By Lise Alves, Senior Contributing Reporter
RIO DE JANEIRO, BRAZIL – Fearing the spread of yellow fever to states which have not yet reported cases, the Brazilian government announced on Tuesday that it will start a nationwide vaccination campaign to immunize over 77.5 million that have not yet been vaccinated by April of 2019.
“We hope to face the new yellow fever cycle that will occur next summer with the population totally immunized,” Health Minister Ricardo Barros told reporters during a press conference.
Minister Barros, however, stated that there is not a nationwide outbreak of yellow fever currently in the country and that the government’s action is ‘one of prevention not of emergency’.
According to health officials the states of Rio de Janeiro, São Paulo and Bahia will be the first to extend vaccination to all municipalities. The government says that approximately 40.9 million people have yet to be vaccinated in these states.
Residents of these three states will continue to receive the fractioned dose and not the standard one. “The World Health Organization accepts the fractional vaccine in locations where the virus is circulating and areas of large populations which need to be vaccinated quickly,” said the Secretary of Health Surveillance at the Ministry of Health, Adeilson Cavalcante.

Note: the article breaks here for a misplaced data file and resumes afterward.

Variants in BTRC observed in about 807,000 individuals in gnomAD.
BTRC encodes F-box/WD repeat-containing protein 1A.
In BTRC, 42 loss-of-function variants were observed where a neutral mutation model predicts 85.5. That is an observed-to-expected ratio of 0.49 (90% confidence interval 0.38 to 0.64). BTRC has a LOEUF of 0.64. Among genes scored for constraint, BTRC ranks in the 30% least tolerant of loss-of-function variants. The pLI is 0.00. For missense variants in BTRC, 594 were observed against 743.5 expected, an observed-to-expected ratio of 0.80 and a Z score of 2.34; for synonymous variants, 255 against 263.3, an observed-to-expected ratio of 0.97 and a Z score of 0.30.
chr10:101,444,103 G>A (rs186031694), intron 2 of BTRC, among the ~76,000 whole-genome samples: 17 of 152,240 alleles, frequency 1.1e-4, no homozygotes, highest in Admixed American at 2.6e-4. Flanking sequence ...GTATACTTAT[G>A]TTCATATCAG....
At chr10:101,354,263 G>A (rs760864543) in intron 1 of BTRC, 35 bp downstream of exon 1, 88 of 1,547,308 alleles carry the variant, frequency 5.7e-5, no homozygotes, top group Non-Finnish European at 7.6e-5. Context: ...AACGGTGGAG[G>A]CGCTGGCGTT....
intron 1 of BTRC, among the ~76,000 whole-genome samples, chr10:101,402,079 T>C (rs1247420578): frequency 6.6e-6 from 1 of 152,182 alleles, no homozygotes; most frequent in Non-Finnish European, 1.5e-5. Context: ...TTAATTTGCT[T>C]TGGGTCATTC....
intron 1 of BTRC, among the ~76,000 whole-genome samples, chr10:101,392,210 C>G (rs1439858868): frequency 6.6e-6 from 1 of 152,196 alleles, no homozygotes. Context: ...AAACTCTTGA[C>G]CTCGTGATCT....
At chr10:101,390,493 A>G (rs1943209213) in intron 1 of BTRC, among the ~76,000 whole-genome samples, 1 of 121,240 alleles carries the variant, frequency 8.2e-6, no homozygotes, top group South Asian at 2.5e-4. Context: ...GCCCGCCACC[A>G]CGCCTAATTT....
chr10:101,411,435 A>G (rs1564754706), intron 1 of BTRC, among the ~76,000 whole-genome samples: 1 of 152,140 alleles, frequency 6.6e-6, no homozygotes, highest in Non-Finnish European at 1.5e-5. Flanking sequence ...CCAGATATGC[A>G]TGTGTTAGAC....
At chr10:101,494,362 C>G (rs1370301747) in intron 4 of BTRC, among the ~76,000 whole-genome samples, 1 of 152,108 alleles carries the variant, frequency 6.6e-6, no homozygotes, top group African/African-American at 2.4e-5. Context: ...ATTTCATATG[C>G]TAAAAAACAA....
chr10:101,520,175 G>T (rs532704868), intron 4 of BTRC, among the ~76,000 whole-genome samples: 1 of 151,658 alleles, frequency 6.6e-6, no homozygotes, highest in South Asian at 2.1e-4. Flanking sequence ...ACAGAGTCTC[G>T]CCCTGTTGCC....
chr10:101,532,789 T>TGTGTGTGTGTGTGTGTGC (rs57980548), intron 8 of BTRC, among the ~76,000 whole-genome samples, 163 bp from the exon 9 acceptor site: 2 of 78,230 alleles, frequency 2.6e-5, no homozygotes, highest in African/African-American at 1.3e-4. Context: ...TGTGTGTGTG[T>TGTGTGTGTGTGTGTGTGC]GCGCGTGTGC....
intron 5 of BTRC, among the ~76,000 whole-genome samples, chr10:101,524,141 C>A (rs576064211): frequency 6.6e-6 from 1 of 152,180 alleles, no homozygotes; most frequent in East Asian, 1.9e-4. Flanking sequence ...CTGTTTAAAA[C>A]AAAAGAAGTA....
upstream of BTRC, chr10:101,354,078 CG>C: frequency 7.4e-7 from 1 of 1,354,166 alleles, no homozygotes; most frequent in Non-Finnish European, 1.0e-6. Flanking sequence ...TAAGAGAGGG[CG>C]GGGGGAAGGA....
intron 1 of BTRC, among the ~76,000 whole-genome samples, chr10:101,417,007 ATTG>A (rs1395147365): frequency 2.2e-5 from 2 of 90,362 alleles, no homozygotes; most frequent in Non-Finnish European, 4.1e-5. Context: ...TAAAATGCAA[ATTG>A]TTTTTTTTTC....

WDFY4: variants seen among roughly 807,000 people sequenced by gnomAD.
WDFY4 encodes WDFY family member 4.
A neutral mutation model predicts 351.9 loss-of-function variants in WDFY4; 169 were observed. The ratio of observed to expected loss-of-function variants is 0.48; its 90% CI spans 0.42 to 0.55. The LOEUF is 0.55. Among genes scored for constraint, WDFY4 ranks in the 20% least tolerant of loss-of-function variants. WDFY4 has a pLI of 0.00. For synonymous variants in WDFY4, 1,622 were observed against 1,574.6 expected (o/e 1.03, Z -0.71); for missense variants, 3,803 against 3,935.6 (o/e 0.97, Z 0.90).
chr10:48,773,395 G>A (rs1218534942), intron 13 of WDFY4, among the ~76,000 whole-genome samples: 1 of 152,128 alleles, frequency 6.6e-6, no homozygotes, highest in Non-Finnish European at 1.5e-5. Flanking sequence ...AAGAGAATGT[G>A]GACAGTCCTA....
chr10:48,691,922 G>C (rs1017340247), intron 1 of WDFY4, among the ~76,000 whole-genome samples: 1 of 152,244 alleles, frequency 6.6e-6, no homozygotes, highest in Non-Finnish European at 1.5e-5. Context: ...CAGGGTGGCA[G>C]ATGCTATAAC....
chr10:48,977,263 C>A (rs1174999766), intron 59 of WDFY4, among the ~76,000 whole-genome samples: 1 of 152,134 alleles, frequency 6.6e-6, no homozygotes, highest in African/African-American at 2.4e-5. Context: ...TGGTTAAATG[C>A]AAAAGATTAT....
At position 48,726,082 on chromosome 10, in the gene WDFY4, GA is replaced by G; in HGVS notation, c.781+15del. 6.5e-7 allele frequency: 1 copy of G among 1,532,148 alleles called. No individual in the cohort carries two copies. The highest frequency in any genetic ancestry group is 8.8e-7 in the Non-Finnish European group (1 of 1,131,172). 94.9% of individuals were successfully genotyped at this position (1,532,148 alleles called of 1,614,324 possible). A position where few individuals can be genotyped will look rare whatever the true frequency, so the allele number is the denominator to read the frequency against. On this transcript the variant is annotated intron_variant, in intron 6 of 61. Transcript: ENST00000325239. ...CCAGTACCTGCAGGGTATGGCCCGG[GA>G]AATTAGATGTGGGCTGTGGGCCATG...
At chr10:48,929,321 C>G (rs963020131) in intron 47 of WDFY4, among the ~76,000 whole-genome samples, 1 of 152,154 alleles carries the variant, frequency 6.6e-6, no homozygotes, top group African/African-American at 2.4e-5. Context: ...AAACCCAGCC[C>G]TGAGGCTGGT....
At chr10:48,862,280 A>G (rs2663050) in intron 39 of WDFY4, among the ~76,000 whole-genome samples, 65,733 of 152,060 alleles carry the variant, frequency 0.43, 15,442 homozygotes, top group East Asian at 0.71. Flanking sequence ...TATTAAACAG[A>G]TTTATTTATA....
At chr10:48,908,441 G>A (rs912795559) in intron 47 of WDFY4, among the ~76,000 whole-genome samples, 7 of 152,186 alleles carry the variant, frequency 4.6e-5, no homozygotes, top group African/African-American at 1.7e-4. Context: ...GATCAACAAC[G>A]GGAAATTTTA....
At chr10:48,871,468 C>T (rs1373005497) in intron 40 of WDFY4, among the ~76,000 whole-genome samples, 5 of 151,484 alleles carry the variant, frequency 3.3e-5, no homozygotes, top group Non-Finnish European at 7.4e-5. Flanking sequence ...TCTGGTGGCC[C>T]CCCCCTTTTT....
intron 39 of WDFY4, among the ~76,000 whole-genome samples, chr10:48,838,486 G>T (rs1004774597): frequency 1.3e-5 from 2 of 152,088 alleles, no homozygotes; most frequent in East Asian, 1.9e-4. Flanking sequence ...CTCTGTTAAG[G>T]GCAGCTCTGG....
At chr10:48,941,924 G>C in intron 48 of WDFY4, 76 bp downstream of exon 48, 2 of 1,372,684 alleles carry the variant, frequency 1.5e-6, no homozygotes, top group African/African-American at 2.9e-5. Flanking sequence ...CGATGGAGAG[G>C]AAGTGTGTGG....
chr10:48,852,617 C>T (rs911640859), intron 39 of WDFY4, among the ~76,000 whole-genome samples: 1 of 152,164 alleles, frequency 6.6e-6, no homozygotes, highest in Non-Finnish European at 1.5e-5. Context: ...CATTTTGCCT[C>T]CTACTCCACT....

The population of the new states included in the vaccination agenda will receive the standard vaccine, according to officials. These include the states of Parana, Santa Catarina, Rio Grande do Sul in the South and Piauí, Paraíba, Pernambuco, Ceará, Alagoas, Sergipe and Rio Grande do Norte in the Northeastern region of Brazil. The remaining fourteen states have the yellow fever vaccine in their regular vaccination calendar.
The Ministry reported that between July 1, 2017 and March 13, 2018, 920 cases of yellow fever were confirmed in the country, resulting in 300 deaths. During the same time a year before (from July 2016 to March 13, 2017) the number of confirmed cases was 610 with 196 deaths.
The recent outbreak have led residents of affected areas to kill off dozens of monkeys, which the population believes transmit and transport the virus to other areas. According to health officials, however, these primates only signal to the existence of the virus in a region, since infected monkeys usually die. The yellow fever virus is transmitted by mosquitos.